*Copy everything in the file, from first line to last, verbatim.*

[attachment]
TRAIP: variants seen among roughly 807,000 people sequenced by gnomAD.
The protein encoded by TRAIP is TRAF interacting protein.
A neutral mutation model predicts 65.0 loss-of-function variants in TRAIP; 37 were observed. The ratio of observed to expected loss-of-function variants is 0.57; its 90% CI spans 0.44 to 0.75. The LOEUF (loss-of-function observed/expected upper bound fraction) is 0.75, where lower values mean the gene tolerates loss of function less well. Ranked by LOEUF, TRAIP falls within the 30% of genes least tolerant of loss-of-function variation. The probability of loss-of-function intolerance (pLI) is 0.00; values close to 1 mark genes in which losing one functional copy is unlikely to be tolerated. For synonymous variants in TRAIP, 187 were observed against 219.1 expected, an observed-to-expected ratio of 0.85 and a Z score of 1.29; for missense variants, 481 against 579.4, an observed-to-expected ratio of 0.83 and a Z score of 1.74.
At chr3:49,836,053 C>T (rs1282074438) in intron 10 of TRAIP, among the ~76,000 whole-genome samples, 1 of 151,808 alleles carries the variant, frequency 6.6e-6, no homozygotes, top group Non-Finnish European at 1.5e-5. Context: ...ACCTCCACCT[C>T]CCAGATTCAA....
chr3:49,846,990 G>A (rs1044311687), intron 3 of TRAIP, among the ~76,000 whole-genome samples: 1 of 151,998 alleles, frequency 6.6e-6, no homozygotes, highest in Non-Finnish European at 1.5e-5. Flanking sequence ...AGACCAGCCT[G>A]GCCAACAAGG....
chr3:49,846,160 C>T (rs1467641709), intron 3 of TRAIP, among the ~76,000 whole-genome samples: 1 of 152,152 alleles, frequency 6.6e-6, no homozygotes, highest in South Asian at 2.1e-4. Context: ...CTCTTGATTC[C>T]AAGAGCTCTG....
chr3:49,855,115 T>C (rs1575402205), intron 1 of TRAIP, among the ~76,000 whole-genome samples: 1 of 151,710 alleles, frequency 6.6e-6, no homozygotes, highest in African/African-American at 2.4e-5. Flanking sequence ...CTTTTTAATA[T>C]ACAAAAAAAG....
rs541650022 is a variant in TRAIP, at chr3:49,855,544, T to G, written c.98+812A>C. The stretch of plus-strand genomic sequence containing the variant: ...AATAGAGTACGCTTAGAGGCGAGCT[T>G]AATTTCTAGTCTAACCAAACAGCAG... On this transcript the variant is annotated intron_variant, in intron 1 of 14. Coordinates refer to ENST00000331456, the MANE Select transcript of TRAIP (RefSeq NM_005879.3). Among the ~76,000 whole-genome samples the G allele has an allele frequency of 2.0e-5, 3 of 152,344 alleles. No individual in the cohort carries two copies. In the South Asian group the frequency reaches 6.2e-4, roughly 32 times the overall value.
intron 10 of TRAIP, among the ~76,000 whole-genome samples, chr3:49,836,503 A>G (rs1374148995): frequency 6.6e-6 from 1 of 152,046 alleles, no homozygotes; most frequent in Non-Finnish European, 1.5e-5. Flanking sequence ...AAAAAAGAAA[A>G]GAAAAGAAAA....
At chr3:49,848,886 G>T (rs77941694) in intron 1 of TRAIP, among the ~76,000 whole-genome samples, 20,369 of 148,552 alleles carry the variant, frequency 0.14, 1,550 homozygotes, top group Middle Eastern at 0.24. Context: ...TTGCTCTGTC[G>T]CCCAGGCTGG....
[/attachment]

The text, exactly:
TRAIP: variants seen among roughly 807,000 people sequenced by gnomAD.
The protein encoded by TRAIP is TRAF interacting protein.
A neutral mutation model predicts 65.0 loss-of-function variants in TRAIP; 37 were observed. The ratio of observed to expected loss-of-function variants is 0.57; its 90% CI spans 0.44 to 0.75. The LOEUF (loss-of-function observed/expected upper bound fraction) is 0.75, where lower values mean the gene tolerates loss of function less well. Ranked by LOEUF, TRAIP falls within the 30% of genes least tolerant of loss-of-function variation. The probability of loss-of-function intolerance (pLI) is 0.00; values close to 1 mark genes in which losing one functional copy is unlikely to be tolerated. For synonymous variants in TRAIP, 187 were observed against 219.1 expected, an observed-to-expected ratio of 0.85 and a Z score of 1.29; for missense variants, 481 against 579.4, an observed-to-expected ratio of 0.83 and a Z score of 1.74.
At chr3:49,836,053 C>T (rs1282074438) in intron 10 of TRAIP, among the ~76,000 whole-genome samples, 1 of 151,808 alleles carries the variant, frequency 6.6e-6, no homozygotes, top group Non-Finnish European at 1.5e-5. Context: ...ACCTCCACCT[C>T]CCAGATTCAA....
chr3:49,846,990 G>A (rs1044311687), intron 3 of TRAIP, among the ~76,000 whole-genome samples: 1 of 151,998 alleles, frequency 6.6e-6, no homozygotes, highest in Non-Finnish European at 1.5e-5. Flanking sequence ...AGACCAGCCT[G>A]GCCAACAAGG....
chr3:49,846,160 C>T (rs1467641709), intron 3 of TRAIP, among the ~76,000 whole-genome samples: 1 of 152,152 alleles, frequency 6.6e-6, no homozygotes, highest in South Asian at 2.1e-4. Context: ...CTCTTGATTC[C>T]AAGAGCTCTG....
chr3:49,855,115 T>C (rs1575402205), intron 1 of TRAIP, among the ~76,000 whole-genome samples: 1 of 151,710 alleles, frequency 6.6e-6, no homozygotes, highest in African/African-American at 2.4e-5. Flanking sequence ...CTTTTTAATA[T>C]ACAAAAAAAG....
rs541650022 is a variant in TRAIP, at chr3:49,855,544, T to G, written c.98+812A>C. The stretch of plus-strand genomic sequence containing the variant: ...AATAGAGTACGCTTAGAGGCGAGCT[T>G]AATTTCTAGTCTAACCAAACAGCAG... On this transcript the variant is annotated intron_variant, in intron 1 of 14. Coordinates refer to ENST00000331456, the MANE Select transcript of TRAIP (RefSeq NM_005879.3). Among the ~76,000 whole-genome samples the G allele has an allele frequency of 2.0e-5, 3 of 152,344 alleles. No individual in the cohort carries two copies. In the South Asian group the frequency reaches 6.2e-4, roughly 32 times the overall value.
intron 10 of TRAIP, among the ~76,000 whole-genome samples, chr3:49,836,503 A>G (rs1374148995): frequency 6.6e-6 from 1 of 152,046 alleles, no homozygotes; most frequent in Non-Finnish European, 1.5e-5. Flanking sequence ...AAAAAAGAAA[A>G]GAAAAGAAAA....
At chr3:49,848,886 G>T (rs77941694) in intron 1 of TRAIP, among the ~76,000 whole-genome samples, 20,369 of 148,552 alleles carry the variant, frequency 0.14, 1,550 homozygotes, top group Middle Eastern at 0.24. Context: ...TTGCTCTGTC[G>T]CCCAGGCTGG....